The second way is by applying atypical recording techniques with your microphones, especially with those that have a less-than-flat frequency response as you move off axis. The shift from off-axis to on can increase the clarity of the sound you’re recording. Additionally, you may be adjusting its position to the source in a way that alters the timing of the sound’s arrival at the capsule…adding doppler shift to that change spectrum! Don’t think that’s an interesting sound design technique? Someone people might disagree with you. Watch one application demonstrated here.

 

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Posted by on May 8, 2016 | 2 comments

Sunday Sound Thought 19 – Functions of Sound

As the year continues, many of these posts will be philosophical in nature. Some will be in contradiction to previous postings. These are not intended as truths or assertions, they’re merely thoughts…ideas. Think of this as stream of consciousness over a wide span…

I like to regularly spend some time thinking about how I describe sound to people who aren’t so focused on sound. It gives me a chance to prep very basic ideas for collaborators in the hopes that, in the process of quickly explaining them, they will some ideas about how to use sound in their projects…or, honestly, to make them want to give me some room to explore those ideas to make their stories more dynamic. A key group I like to talk about is the functions sound can play in a narrative. I’m posting them here so other people can use them, but also to see if anyone out there in the community has ideas to add to this.

I have five key functions that I quickly explain.

  • Physical Representation – The old line, “See a dog, hear a dog.” It’s building the world around the characters and placing the characters in that world. This is a really low-level basic function.
  • Directing Attention – Sounds can draw the eye to a specific portion of the screen, or away from it. What do we want the audience to see? What do we want them to ignore. The way the visual edit is constructed has a strong effect on where the viewer’s attention goes, and sound can augment and solidify that direction.
  • Characterization – The sounds we attribute to objects and people tells us about their nature, and helps add meaning to their existence and actions.
  • Provide Perspective – Sound can help place the viewer in the moment. Are they supposed to be connecting to a specific character? Are they supposed to understand the inner workings of some device? The sounds we choose to include tell the viewer, even if it’s only at a subconscious level, what lens they’re viewing the story through. This can have a major impact on the way the story is interpreted.
  • Commentary – Sound can provide comment on the actions and events on screen. For a simple example, think of any comedic moment that uses sound to punctuate the gag (Looney Tunes anyone?). Want to provide a little wink or nudge to the audience? Sound is a great way to do this.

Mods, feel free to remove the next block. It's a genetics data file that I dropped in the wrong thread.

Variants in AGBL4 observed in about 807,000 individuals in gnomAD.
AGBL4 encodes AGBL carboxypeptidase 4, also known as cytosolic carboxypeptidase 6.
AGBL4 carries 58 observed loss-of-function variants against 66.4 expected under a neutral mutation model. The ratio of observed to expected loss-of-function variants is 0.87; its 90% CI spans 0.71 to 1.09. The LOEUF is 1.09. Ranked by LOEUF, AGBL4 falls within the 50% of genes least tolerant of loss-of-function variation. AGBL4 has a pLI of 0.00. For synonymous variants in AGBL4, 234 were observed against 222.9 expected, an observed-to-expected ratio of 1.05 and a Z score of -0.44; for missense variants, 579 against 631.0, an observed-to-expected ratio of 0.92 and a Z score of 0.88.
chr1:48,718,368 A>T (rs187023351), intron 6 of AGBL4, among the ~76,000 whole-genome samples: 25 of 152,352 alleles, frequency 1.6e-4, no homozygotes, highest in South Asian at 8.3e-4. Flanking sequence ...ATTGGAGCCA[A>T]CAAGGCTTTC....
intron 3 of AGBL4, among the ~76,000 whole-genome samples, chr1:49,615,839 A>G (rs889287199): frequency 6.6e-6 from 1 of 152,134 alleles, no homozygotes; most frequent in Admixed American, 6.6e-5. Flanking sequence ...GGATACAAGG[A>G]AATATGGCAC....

So what do you think? I feel this list stays just under the threshold of getting too long, and provides plenty for a collaborator to think about. Is there anything you feel that’s missing?

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Posted by on May 1, 2016 | 0 comments

Monthly Theme: Research

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Re-search

noun
1. the systematic investigation into and study of materials and sources in order to establish facts and reach new conclusions.
“This month on DesigningSound.org we’re going to be looking into the subject of research”

verb
1. investigate systematically.
“What have you been researching? Would you like to share it with the community?”

The current state of audio technology is fascinating. A single person from home on a laptop can create their own DAW, plugins, use them to make music, mix a film, and author playable media. Physical modeling allows us to recreate believable sounding instruments from pure math. We can create convincing spacial audio in 3D game engines. We clean up audio removing extraneous noises with the precision of a surgeon who leaves no scars. We can capture the acoustic properties of a space, apply it to any sound, then remove the reverb we just added as if by magic. We can even morph and change the acoustic properties of a live environment in real-time. We can control sound with the press of a key, a slide on a touch-screen or a gesture in the air. But how did we get here, and where are we going?

For this month, DesigningSound is going to be looking at the subject of research and how it applies to audio. How does one conduct audio/sound research? What landmark studies contributed to where we are today in the audio-verse. What studies are currently being carried out and where might they take us?

Please email doron [at] this site to contribute an article for this month’s topic. And as always, please feel free to go “off-topic” if there’s something else you’re burning to share with the community.